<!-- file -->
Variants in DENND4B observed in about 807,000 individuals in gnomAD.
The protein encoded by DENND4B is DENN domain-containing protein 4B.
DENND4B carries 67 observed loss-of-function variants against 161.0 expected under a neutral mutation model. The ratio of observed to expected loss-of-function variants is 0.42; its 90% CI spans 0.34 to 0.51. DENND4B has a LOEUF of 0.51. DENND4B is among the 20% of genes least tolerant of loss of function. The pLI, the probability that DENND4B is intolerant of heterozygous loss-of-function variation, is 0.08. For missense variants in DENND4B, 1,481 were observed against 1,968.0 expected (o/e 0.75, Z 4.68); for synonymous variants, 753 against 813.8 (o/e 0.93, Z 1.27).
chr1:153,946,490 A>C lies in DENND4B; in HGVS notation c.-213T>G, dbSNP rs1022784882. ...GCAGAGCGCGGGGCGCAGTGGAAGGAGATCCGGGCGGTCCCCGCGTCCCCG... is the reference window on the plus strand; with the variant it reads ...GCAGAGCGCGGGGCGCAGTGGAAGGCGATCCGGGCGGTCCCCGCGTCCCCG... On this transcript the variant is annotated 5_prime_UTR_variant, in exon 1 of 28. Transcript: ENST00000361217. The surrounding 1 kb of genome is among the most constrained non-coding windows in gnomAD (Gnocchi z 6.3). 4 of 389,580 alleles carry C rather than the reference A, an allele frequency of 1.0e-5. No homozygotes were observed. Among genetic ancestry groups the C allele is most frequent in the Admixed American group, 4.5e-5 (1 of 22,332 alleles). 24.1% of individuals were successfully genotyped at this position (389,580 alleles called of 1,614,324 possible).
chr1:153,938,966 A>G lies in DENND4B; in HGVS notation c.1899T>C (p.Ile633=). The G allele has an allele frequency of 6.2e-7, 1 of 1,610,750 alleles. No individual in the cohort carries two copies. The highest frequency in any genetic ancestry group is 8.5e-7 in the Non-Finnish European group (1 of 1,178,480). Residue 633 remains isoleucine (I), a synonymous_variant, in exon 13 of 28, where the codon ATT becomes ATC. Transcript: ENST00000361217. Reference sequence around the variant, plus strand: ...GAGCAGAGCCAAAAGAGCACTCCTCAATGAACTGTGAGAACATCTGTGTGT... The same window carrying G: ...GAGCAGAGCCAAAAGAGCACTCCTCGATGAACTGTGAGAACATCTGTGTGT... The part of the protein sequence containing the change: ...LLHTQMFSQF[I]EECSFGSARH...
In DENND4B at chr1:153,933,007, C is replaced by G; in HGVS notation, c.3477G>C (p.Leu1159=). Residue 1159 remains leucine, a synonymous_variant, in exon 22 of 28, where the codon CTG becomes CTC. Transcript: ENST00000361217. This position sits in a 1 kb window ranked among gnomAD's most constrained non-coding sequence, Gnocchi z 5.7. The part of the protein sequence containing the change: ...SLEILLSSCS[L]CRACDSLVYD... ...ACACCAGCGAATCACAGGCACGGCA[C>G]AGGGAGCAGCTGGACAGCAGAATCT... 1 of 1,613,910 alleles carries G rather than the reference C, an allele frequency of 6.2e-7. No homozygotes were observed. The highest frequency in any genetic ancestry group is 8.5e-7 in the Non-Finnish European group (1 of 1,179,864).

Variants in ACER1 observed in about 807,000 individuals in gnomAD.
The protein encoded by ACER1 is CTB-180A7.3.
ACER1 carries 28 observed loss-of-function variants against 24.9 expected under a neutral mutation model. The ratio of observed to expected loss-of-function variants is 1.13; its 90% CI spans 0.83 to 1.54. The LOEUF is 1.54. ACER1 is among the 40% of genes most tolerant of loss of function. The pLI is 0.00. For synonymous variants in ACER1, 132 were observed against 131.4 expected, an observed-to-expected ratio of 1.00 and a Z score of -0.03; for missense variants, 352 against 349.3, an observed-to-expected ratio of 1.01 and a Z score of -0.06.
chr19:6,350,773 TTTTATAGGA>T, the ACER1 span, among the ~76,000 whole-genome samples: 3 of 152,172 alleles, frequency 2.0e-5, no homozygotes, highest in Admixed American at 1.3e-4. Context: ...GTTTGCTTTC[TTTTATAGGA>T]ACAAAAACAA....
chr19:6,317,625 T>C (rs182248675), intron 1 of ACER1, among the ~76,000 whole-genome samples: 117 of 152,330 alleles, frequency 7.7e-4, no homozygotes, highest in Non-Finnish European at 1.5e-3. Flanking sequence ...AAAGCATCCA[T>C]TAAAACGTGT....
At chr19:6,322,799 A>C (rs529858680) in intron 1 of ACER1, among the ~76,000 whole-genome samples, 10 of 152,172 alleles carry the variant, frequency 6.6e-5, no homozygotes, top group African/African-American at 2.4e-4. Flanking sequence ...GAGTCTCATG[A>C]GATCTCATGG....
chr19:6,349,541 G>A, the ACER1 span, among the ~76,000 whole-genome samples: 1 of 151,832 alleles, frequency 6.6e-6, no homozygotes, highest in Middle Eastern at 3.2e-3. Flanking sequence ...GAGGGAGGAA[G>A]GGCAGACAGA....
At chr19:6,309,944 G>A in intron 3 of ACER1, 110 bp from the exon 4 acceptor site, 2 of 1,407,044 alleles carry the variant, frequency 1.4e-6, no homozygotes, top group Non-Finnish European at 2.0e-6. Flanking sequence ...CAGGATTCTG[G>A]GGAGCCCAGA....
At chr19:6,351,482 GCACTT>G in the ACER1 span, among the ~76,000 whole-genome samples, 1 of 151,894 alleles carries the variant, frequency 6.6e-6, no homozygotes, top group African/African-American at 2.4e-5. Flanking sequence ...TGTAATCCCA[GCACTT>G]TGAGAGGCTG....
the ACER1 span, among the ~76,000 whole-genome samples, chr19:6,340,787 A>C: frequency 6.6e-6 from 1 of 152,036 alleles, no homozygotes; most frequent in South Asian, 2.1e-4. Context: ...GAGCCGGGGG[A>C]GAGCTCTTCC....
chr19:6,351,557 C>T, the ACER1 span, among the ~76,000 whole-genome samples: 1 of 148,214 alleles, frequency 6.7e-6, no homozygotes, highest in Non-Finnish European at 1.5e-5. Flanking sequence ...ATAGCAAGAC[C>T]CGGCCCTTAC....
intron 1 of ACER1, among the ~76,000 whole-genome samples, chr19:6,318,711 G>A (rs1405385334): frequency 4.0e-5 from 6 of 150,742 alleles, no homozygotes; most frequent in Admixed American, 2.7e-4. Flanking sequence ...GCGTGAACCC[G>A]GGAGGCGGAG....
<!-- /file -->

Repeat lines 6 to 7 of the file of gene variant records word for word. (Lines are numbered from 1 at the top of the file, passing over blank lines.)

In DENND4B at chr1:153,933,007, C is replaced by G; in HGVS notation, c.3477G>C (p.Leu1159=). Residue 1159 remains leucine, a synonymous_variant, in exon 22 of 28, where the codon CTG becomes CTC. Transcript: ENST00000361217. This position sits in a 1 kb window ranked among gnomAD's most constrained non-coding sequence, Gnocchi z 5.7. The part of the protein sequence containing the change: ...SLEILLSSCS[L]CRACDSLVYD... ...ACACCAGCGAATCACAGGCACGGCA[C>G]AGGGAGCAGCTGGACAGCAGAATCT... 1 of 1,613,910 alleles carries G rather than the reference C, an allele frequency of 6.2e-7. No homozygotes were observed. The highest frequency in any genetic ancestry group is 8.5e-7 in the Non-Finnish European group (1 of 1,179,864).

Variants in ACER1 observed in about 807,000 individuals in gnomAD.